Etiquette on Handing Out Invitations When You Don't Invite Everyone

by Judy Greenlees

Invitations have become increasingly difficult to coordinate in certain circumstances. With many blended families, divorced couples and distant relatives, the prospect of including everyone properly at special events may seem impossible. With an eye toward standard etiquette, and some sensitive use of newer traditions, it is still possible to celebrate life's important moments without anyone feeling totally excluded or badly hurt.

Bridal Showers and Weddings

Though some wedding experts believe that it is OK to hand-deliver wedding or bridal shower invitations to special friends, others disagree. Pros include being able to discuss the invitation personally and welcome each guest. Cons include the possibility of hurting the feelings of those who see that they are uninvited. Etiquette tradition insists that invitations be mailed via regular mail about six weeks in advance of each event.

Baby Showers, Baptisms and Christenings

Invitations for these precious occasions should be mailed to close family and friends. Though inviting by way of phone calls is not discouraged, it is better to remember the significance of each event by sending distinctive invitations. Making a guest list will help hosts remember everyone that should be included. Planning friendly visits for others not invited is a good way to include everyone in the baby's new life.

Children's Birthday Parties

Planning a birthday party for a child may be simplified by remembering an old school rule: invite only the same number of children to the party as your child's birthday age. Other plans might include inviting all the girls or all the boys in your child's classroom. The invitations may be sent by email, in person or via snail mail.

Barbecues and Other Casual Events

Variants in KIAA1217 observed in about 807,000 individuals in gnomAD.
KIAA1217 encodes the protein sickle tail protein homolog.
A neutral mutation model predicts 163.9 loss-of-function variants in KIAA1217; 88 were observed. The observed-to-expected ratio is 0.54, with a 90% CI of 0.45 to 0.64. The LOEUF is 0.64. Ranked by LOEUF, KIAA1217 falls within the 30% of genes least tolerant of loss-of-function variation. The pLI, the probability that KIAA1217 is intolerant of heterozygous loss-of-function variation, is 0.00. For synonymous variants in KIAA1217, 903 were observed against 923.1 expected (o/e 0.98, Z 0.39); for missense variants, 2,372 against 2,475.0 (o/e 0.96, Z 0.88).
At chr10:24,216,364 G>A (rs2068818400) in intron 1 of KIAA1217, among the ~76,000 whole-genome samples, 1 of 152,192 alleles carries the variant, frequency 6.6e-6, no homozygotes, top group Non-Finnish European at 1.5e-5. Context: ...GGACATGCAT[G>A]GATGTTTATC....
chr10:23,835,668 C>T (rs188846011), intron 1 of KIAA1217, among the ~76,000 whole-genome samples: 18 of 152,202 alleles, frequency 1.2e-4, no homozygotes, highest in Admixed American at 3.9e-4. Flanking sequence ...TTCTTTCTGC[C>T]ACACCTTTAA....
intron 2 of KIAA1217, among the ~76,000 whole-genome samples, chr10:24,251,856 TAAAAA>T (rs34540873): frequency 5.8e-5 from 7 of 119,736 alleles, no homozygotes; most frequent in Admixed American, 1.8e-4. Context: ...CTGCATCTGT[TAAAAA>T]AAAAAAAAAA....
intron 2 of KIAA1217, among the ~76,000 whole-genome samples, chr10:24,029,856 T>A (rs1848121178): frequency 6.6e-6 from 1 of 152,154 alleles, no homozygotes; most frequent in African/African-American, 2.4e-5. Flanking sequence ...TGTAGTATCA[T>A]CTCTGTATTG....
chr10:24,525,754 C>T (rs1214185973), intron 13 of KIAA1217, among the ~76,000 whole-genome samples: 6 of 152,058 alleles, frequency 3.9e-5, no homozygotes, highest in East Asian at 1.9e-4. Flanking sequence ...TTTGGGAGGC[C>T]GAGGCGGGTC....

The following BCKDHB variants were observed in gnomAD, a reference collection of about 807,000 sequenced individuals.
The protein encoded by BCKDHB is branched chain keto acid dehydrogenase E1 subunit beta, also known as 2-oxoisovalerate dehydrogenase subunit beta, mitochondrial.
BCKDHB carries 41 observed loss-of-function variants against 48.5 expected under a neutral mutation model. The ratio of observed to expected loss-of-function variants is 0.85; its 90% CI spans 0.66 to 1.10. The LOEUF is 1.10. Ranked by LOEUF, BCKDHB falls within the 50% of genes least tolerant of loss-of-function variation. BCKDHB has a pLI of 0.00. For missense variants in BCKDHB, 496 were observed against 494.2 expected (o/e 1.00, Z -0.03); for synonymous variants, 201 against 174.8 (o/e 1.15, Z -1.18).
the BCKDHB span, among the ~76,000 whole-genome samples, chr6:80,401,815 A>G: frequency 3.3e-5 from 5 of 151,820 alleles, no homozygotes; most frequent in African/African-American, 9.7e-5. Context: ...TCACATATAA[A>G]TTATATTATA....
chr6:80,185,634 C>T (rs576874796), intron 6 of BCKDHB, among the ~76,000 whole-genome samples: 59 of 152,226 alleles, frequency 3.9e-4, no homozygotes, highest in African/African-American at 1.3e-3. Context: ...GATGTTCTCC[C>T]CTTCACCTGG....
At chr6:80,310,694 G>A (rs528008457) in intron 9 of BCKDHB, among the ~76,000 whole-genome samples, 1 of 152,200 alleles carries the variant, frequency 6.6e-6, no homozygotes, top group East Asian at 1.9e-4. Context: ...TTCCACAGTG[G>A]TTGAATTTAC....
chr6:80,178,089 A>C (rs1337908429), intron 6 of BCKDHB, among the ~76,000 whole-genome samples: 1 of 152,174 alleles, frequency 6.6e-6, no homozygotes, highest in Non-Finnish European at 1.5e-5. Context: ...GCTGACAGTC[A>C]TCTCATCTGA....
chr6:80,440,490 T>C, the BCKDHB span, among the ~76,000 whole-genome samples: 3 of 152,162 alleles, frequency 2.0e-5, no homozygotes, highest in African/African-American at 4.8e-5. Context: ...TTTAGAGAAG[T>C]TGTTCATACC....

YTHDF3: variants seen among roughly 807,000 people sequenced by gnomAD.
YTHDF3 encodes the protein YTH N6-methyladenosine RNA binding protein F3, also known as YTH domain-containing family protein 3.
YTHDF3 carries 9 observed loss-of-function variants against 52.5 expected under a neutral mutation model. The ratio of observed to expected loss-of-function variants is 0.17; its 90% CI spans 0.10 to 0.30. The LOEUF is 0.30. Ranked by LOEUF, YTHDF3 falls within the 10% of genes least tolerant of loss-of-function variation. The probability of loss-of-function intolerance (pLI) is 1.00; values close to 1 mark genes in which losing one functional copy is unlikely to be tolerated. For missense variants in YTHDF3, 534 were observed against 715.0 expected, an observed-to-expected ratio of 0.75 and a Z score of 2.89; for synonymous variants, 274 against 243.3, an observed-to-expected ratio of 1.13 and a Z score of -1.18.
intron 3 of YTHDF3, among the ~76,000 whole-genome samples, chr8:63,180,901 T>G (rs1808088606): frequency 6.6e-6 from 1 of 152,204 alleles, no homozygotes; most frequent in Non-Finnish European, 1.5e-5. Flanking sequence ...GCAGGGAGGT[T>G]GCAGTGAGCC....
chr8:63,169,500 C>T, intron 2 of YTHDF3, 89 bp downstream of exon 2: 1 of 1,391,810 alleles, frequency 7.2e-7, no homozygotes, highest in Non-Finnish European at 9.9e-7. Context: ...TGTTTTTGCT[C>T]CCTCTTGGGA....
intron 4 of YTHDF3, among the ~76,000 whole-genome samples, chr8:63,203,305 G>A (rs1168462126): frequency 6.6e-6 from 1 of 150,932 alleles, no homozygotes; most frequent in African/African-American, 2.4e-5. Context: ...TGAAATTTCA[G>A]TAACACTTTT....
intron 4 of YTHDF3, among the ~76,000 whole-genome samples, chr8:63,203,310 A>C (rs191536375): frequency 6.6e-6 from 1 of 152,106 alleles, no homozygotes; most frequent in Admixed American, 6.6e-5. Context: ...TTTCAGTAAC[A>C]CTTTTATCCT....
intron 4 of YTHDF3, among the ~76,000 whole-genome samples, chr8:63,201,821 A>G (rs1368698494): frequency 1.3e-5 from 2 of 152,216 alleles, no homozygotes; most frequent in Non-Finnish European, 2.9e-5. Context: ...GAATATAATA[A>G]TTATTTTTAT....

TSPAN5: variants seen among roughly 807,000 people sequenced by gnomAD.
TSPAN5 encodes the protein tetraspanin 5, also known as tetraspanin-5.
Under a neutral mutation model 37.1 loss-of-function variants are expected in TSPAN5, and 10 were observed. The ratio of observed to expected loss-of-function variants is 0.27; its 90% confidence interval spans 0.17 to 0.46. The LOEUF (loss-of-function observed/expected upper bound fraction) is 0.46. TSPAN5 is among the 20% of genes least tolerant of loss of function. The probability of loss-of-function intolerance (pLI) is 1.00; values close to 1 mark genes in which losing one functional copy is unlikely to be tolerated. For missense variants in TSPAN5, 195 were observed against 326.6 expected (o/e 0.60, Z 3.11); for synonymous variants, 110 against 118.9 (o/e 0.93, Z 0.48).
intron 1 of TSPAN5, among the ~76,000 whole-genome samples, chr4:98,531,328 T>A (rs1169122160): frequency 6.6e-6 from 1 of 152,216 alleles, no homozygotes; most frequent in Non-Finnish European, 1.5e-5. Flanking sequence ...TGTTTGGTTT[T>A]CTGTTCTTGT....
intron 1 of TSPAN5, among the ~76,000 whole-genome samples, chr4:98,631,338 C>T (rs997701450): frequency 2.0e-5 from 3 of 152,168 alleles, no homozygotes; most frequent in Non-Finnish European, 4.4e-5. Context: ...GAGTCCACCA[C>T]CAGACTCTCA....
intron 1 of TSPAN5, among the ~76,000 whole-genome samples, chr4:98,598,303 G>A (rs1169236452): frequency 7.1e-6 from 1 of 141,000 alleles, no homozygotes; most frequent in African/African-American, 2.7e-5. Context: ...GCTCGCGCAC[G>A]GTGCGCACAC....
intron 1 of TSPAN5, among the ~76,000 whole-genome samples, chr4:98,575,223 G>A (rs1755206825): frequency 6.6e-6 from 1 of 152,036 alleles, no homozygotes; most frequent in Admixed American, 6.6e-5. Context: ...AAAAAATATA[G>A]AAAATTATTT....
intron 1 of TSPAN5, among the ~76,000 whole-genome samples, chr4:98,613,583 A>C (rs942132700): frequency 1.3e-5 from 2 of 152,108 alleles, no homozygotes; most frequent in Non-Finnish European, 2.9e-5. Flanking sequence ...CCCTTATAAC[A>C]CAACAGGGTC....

Invitations to a home for barbecues or other casual affairs may be delivered by hand or even email. But, to keep it personal, a pleasant phone call is really best. In this way, those uninvited will not be offended. For families experiencing financial downturns, it is simple to keep the guest list short. Invited guests have the obligation to not bring extra guests, which may break the host's budget.

Strategies for Avoiding Hurt Feelings

When someone knows they are not included, the feelings can run the gamut from simple frustration to great hurt. Taking care when giving out invitations, regardless of how they are delivered, is important. Because news about events tends to eventually come out, being truthful about financial limitations or personal circumstances may be the best way to deal with invitations of all kinds. Good etiquette is ultimately about social responsibility.

About the Author

Based in Los Angeles, Judy Greenlees has been writing since 2009. Some of her experience includes writing for "The Piano Encyclopedia" and "Artistic Journeys." She holds a Bachelor of Arts in music from California State University, Fullerton and a Master of Business Administration with distinction from New York Institute of Technology.

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